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Operation Misery

01 Sep 2010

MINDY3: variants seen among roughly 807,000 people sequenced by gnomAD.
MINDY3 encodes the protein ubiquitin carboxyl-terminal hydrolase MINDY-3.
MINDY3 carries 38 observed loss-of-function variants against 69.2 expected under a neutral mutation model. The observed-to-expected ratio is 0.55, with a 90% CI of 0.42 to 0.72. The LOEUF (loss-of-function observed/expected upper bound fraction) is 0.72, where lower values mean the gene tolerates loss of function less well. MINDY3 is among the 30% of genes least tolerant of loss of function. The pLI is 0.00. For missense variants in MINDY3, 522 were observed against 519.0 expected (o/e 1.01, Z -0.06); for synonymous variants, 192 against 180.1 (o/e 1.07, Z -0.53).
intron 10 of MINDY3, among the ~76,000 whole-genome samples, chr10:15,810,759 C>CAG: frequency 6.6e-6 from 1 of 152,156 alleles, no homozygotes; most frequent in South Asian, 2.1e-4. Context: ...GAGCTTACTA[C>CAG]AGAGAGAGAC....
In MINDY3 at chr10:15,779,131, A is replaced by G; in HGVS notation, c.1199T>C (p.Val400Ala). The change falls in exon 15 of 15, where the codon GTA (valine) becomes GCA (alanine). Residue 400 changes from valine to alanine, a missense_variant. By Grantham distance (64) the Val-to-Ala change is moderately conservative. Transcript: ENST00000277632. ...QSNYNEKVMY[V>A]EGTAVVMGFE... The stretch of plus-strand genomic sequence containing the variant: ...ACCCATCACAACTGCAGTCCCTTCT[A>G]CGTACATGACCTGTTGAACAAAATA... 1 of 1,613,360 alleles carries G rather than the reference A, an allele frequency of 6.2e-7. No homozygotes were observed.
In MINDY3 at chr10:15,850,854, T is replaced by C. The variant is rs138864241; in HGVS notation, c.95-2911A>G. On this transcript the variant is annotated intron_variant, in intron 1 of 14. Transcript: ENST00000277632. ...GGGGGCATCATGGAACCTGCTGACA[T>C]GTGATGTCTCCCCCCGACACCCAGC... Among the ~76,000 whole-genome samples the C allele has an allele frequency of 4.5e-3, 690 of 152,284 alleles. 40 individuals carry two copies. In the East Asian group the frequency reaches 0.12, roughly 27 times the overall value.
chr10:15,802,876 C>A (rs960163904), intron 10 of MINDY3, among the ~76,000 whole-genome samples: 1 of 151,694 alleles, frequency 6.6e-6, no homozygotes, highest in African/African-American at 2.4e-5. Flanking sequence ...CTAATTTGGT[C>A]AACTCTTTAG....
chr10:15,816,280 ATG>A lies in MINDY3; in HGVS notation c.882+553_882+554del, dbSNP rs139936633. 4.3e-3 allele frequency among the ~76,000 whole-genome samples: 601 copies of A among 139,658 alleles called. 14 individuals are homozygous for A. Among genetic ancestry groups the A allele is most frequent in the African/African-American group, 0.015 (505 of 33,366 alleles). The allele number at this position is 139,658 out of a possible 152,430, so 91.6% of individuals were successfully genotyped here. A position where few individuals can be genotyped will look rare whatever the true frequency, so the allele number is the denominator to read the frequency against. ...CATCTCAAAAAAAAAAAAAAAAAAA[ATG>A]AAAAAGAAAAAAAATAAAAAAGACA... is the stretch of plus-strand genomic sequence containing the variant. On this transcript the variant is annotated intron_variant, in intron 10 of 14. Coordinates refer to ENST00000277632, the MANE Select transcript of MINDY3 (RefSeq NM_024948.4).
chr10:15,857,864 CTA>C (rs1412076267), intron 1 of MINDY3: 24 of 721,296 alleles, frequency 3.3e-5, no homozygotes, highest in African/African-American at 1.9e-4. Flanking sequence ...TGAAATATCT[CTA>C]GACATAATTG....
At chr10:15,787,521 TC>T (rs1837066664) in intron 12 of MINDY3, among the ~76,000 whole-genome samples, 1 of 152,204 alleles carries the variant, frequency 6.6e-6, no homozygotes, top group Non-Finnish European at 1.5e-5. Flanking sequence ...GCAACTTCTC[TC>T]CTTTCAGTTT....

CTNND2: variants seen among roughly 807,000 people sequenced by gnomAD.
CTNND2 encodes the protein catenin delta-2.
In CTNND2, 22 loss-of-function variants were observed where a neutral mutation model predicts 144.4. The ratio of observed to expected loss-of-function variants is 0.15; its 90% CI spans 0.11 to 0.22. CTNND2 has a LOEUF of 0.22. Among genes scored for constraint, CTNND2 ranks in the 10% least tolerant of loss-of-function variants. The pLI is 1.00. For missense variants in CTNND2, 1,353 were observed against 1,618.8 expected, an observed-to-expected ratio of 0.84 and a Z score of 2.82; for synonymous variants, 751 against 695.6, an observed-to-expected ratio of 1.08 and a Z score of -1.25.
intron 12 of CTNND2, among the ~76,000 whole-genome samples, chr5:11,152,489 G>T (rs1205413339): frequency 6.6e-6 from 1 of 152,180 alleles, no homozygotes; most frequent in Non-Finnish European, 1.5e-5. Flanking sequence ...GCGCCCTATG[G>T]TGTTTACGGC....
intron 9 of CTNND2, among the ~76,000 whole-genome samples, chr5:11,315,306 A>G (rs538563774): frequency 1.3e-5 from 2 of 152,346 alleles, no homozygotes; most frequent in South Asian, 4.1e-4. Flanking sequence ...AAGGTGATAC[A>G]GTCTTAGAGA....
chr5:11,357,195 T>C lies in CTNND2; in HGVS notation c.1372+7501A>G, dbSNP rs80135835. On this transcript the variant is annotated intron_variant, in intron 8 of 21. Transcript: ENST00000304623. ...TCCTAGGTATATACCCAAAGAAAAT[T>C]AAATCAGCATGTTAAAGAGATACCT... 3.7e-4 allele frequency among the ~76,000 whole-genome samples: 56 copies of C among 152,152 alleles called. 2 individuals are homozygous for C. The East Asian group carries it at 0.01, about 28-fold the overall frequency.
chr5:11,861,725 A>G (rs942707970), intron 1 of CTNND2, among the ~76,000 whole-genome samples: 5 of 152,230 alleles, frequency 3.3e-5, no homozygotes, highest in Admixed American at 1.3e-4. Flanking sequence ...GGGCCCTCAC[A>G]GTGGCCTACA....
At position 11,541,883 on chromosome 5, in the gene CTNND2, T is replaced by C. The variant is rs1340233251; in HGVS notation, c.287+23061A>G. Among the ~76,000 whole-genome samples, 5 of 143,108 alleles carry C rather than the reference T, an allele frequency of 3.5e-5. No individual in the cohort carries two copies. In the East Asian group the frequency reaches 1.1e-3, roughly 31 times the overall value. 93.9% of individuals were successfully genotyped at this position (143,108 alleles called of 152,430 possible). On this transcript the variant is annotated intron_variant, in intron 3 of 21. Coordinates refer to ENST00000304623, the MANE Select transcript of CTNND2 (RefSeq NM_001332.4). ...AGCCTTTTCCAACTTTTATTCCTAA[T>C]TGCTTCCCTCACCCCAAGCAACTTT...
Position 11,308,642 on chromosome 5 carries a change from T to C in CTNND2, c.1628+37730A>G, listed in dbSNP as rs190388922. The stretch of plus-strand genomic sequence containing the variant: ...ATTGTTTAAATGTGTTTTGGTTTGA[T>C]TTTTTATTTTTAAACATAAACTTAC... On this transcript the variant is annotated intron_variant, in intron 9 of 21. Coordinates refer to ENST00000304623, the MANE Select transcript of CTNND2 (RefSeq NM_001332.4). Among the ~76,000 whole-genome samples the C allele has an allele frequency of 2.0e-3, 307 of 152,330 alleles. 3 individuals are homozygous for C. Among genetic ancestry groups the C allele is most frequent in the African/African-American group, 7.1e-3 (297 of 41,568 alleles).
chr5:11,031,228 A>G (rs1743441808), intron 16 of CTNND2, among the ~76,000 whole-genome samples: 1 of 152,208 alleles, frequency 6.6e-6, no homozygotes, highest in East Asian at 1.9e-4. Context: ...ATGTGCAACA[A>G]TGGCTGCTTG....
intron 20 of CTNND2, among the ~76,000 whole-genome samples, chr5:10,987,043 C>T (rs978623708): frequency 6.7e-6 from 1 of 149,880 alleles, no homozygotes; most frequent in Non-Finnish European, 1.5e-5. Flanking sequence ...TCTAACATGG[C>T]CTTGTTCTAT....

The leaking of a huge bundle of US military documents about the war in Afghanistan was condemned by the White House, but as soon as he’d done that, President Obama used the leak to highlight the need for a change of tactics in what most informed observers say is an unwinnable conflict. More than 90,000 documents were made public by Wikileaks, a website dedicated to giving whistleblowers a chance to air with impunity, information deemed to be in the public interest. It was assisted by newspapers The New York Times, The Guardian and Der Speigel. The documents, mostly internal memos from the battlefield to headquarters, cover US military action in Afghanistan between January 2004 and December 2009. They paint a grim picture of the undeniably cynical attitude of the military towards civilian casualties. “When reporting their own activities US units are inclined to classify civilian kills as insurgent kills, downplay the number of people killed or otherwise make excuses for themselves,” Wikileaks says in its preamble to the documents. In one documented incident, in March 2007, a convoy of US Marines opened fire indiscriminately on a highway after a car-bomb attack, killing 19 unarmed civilians and wounding 50. The Americans initially reported the casualties as “28 civilians wounded”. A month later, an Army colonel admitted the incident had been “a terrible mistake” and compensation was paid to the victims’ families. However, no criminal charges have ever been brought. The Marines held their own inquiry and claimed their forces had “acted appropriately”. Many more such incidents are revealed. Afghanis are increasingly hostile towards foreign military and there have been numerous protests against NATO forces. US Defense Secretary Robert M. Gates attacked Wikileaks, saying it was “morally guilty of putting people’s lives at risk”. A criminal inquiry is underway into the source of the leak. President Obama said the leak “could potentially jeopardise individuals or operations”, but then seized the opportunity to plug his new strategy on Afghanistan, which involves sending an extra 30,000 troops. The leak may not have revealed anything that wasn’t already known or suspected, but it is likely to focus public attention on the mounting human cost of an operation bearing the unlikely name of ‘Enduring Freedom’. Nearly 2000 US servicemen were wounded in Afghanistan in the first six months of this year, and 60 service members were killed in June alone. And let’s not forget more than 4000 civilian casualties between January 2009 and March 2010

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